Rossi described his season so far as “Generally good. We made a lot of improvements on areas where we struggled. Some things have been out of our control.” He went on to say that “the 2 car has been better. Josef has had a sensational year.”

The venue for the final race has a lot of unknowns, Rossi said.  Andretti Autosport tested there in February. Rossi declared the test inconclusive due to the weather and some other factors. He thinks everyone is entering the weekend on an equal footing. Rossi began going to races at Laguna Seca when he was three years old. It is where he fell in love with racing.

“Laguna Seca is where I  cut my teeth in racing,” Rossi said.

The race could be decided in qualifying. “the driver who makes no mistakes in qualifying and wins the pole, if he is one of the championship contenders, his job will be that much easier.,” Rossi said. He described the track as having a low grip surface with the braking zone in turn 2 likely being the best passing area.

While Rossi is disappointed to not be closer to the top of the standings, he feels that it actually puts less pressure on him. he knows this year he needs to win the race. “When you’re closer you start worrying about positions and finishing ahead of the other guy. being this far back,  I just need to win.”

Rossi felt in 2018  the team left too many points on the table with silly mistakes. This season he believes the team has improved although ‘We maybe cost ourselves by being too conservative. We had some bad luck in the second half of the season. ”

The Firestone Grand Prix of Monterey is September 22 on NBC. The green flag is at 12:15.




Rapid Response-Transforming Indycar Safety

This is not a film for the squeamish. The film clips of some of the worst accidents in the last 65 years or so are still frightening to see. I have seen most of these clips before, sadly some in person, and I still felt ill watching them. They do serve a purpose, however.

Rapid Response presents the story of two doctors who become immersed in racing somewhat by chance, and how they transform the safety of Indycar racing not only at the Indianapolis Motor speedway, bu throughout the entire Indycar circuit.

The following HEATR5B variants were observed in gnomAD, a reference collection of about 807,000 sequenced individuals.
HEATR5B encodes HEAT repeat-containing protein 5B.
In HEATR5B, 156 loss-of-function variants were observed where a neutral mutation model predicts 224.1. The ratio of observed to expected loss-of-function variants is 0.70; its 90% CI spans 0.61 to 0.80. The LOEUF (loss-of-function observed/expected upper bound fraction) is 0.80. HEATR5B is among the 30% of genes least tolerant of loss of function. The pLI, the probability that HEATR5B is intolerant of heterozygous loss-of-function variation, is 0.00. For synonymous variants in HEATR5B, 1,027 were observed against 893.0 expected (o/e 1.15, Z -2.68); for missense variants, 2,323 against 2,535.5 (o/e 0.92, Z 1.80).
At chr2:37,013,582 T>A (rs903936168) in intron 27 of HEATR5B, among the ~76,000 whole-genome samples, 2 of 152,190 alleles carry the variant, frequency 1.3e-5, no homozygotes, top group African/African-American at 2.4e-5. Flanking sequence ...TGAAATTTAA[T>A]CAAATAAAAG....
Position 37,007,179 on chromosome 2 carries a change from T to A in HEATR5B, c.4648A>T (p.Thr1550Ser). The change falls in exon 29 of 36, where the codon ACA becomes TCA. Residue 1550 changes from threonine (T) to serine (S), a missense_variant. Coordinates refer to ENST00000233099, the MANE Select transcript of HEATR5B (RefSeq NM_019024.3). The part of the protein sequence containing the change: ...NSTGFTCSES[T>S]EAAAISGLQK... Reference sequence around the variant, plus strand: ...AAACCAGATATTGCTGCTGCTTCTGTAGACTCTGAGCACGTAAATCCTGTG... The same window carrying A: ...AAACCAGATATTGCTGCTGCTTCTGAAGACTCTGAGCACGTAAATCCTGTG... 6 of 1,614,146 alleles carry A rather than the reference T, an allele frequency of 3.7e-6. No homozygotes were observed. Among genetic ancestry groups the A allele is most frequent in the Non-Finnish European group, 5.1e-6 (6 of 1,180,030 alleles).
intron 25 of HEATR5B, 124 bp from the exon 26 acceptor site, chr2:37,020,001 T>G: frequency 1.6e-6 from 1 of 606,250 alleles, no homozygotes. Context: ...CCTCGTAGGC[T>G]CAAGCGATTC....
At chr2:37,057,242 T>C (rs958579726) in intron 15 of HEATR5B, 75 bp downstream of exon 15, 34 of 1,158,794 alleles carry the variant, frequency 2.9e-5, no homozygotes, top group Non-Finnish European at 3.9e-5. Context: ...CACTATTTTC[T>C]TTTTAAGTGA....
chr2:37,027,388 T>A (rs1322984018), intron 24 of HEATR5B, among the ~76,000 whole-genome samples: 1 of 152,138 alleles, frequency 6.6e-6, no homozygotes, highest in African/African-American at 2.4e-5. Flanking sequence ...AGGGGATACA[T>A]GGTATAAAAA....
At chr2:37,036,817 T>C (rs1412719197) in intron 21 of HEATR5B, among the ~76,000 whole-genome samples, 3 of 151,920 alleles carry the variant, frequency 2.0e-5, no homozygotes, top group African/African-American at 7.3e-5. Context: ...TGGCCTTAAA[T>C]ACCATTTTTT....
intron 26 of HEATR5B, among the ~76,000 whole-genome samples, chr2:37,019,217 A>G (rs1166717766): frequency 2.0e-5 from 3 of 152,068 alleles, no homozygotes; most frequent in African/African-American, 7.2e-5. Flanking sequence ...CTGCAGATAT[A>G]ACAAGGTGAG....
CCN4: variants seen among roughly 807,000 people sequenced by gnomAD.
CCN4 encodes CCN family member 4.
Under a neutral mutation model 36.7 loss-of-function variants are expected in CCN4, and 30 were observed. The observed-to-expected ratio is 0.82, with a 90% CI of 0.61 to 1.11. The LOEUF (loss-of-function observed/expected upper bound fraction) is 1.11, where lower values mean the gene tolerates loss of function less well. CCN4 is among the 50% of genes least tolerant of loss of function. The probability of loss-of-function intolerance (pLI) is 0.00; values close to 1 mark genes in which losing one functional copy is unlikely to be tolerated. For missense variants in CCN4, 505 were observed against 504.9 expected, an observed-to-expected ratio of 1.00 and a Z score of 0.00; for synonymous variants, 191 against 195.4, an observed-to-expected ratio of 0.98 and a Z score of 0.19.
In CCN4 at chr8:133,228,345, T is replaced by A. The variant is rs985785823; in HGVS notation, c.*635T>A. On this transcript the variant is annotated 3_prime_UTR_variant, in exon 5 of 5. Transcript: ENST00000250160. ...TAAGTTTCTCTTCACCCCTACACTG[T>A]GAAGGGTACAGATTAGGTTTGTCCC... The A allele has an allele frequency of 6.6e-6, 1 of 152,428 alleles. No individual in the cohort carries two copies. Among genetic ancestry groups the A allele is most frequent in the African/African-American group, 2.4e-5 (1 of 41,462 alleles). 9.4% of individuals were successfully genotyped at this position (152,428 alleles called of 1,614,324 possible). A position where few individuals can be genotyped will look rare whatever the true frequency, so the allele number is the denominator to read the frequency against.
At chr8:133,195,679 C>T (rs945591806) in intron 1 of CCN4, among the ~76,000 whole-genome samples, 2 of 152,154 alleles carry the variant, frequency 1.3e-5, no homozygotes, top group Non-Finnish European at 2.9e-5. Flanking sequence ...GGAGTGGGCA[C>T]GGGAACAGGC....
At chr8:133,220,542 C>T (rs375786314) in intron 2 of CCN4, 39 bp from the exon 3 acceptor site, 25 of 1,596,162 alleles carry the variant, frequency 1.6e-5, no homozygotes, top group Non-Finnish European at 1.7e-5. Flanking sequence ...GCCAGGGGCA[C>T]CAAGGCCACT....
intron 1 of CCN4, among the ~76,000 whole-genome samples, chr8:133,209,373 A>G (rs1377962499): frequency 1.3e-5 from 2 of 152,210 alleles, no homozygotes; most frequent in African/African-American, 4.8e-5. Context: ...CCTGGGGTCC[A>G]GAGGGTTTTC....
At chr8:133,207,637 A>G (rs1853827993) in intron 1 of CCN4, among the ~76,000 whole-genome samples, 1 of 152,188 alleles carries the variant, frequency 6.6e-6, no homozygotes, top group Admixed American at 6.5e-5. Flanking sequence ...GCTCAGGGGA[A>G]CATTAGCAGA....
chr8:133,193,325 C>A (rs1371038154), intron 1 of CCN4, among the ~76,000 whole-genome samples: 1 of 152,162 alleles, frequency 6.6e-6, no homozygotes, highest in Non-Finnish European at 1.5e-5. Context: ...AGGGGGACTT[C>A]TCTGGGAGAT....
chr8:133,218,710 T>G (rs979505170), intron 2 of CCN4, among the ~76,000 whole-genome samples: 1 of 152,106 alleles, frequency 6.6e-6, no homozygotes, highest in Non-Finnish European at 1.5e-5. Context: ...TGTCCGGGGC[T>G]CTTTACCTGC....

I identified with Dr. Steve Olvey in the first ten minutes of the film.  We share the same first driving hero. He said his first favorite driver was Bill Vukovich. He was at the 1955 when Vukovich was killed. He said he picked another favorite driver. That driver soon suffered a similar fate, as did the one he picked after that. Such was the life of a race fan in the early 50’s and 60’s. One in seven drivers died across all motorsport in this era.

Olvey’s father talked him out of a racing career and convinced him to go to medical school. He jumps at the chance to be on the medical staff at the Indianapolis Motor Speedway during May.  Under the tutelage of Dr. Tom Hanna, Olvey begins to see ways to improve the speedway’s medical procedures.

Booby Unser, Al Unser, and Parnelli Jones share stories of some of their injuries, including how they lied about their condition so that they could continue driving. All three admit to probably driving with a concussion at some point.

When the Indycar sanctioning body goes to a track, they arrange for local volunteers and doctors to be on hand in case of an emergency or serious injury. Olvey decides it is better to have the same medical staff at all the tracks fror a couple of reasons.  First, they know the drivers, and second, the drivers seem comforted to see a familiar face after an accident. He also adds the mandatory presence of a medical helicopter at the track.

While Olvey combines his medical practice with his love of racing, Dr. Terry Trammel becomes involved almost by accident. In his first year on staff at Methodist Hospital, he was on duty when Danny Ongais is brought in from the track after his horrific crash in the race. After a three and a half hour surgery, Trammel is able to save Ongais’s foot from amputation.

Trammel later converts his home basement into a physical therapy center. Drivers stay at his home to rehabilitate. Tony Kanaan, a guest on more than one occasion, refers to the basemnent as “the dungeon.”

The doctors work together gathering data on all the foot and leg injuries common at the time. Through extensive research and with the use of of computer models, Olvey and Trammel determine  the nose of the car needs to be lengthened for the drivers’ protection.

The HANS device comes into use after Gonzalo Rodriguez’s fatal accident at Laguna Seca. The earliest device is too big to work in an Indycar. After coming up with a workable model, the HANS device is soon mandatory.